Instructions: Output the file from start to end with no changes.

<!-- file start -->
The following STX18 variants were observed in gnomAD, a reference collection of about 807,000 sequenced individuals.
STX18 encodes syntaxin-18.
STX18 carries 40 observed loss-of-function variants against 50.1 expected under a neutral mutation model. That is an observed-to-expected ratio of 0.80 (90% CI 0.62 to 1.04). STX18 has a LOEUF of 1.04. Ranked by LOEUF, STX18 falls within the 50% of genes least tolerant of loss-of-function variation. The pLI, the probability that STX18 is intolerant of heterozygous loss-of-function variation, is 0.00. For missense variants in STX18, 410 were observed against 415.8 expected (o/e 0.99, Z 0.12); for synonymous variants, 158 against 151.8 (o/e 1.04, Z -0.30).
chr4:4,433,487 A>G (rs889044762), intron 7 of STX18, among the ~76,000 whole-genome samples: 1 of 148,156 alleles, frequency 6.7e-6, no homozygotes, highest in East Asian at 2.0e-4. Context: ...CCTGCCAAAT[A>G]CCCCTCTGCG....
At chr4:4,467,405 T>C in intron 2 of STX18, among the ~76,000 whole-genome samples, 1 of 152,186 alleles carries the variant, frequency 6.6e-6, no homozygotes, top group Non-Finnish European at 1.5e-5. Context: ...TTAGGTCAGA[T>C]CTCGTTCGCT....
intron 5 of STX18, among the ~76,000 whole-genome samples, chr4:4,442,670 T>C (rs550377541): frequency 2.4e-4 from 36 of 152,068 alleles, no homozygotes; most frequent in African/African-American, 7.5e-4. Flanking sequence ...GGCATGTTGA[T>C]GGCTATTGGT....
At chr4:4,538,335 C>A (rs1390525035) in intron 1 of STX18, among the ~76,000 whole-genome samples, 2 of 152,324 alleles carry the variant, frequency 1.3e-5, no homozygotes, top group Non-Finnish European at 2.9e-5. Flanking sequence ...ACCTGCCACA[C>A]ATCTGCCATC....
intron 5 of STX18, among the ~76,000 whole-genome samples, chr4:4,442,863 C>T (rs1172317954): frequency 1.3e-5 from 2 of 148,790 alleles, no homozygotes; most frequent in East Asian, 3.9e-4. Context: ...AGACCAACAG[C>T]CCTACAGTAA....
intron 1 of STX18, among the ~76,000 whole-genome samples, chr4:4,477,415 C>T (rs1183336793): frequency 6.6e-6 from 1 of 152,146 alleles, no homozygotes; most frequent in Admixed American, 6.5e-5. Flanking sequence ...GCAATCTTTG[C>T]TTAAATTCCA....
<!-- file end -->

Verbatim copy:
The following STX18 variants were observed in gnomAD, a reference collection of about 807,000 sequenced individuals.
STX18 encodes syntaxin-18.
STX18 carries 40 observed loss-of-function variants against 50.1 expected under a neutral mutation model. That is an observed-to-expected ratio of 0.80 (90% CI 0.62 to 1.04). STX18 has a LOEUF of 1.04. Ranked by LOEUF, STX18 falls within the 50% of genes least tolerant of loss-of-function variation. The pLI, the probability that STX18 is intolerant of heterozygous loss-of-function variation, is 0.00. For missense variants in STX18, 410 were observed against 415.8 expected (o/e 0.99, Z 0.12); for synonymous variants, 158 against 151.8 (o/e 1.04, Z -0.30).
chr4:4,433,487 A>G (rs889044762), intron 7 of STX18, among the ~76,000 whole-genome samples: 1 of 148,156 alleles, frequency 6.7e-6, no homozygotes, highest in East Asian at 2.0e-4. Context: ...CCTGCCAAAT[A>G]CCCCTCTGCG....
At chr4:4,467,405 T>C in intron 2 of STX18, among the ~76,000 whole-genome samples, 1 of 152,186 alleles carries the variant, frequency 6.6e-6, no homozygotes, top group Non-Finnish European at 1.5e-5. Context: ...TTAGGTCAGA[T>C]CTCGTTCGCT....
intron 5 of STX18, among the ~76,000 whole-genome samples, chr4:4,442,670 T>C (rs550377541): frequency 2.4e-4 from 36 of 152,068 alleles, no homozygotes; most frequent in African/African-American, 7.5e-4. Flanking sequence ...GGCATGTTGA[T>C]GGCTATTGGT....
At chr4:4,538,335 C>A (rs1390525035) in intron 1 of STX18, among the ~76,000 whole-genome samples, 2 of 152,324 alleles carry the variant, frequency 1.3e-5, no homozygotes, top group Non-Finnish European at 2.9e-5. Flanking sequence ...ACCTGCCACA[C>A]ATCTGCCATC....
intron 5 of STX18, among the ~76,000 whole-genome samples, chr4:4,442,863 C>T (rs1172317954): frequency 1.3e-5 from 2 of 148,790 alleles, no homozygotes; most frequent in East Asian, 3.9e-4. Context: ...AGACCAACAG[C>T]CCTACAGTAA....
intron 1 of STX18, among the ~76,000 whole-genome samples, chr4:4,477,415 C>T (rs1183336793): frequency 6.6e-6 from 1 of 152,146 alleles, no homozygotes; most frequent in Admixed American, 6.5e-5. Flanking sequence ...GCAATCTTTG[C>T]TTAAATTCCA....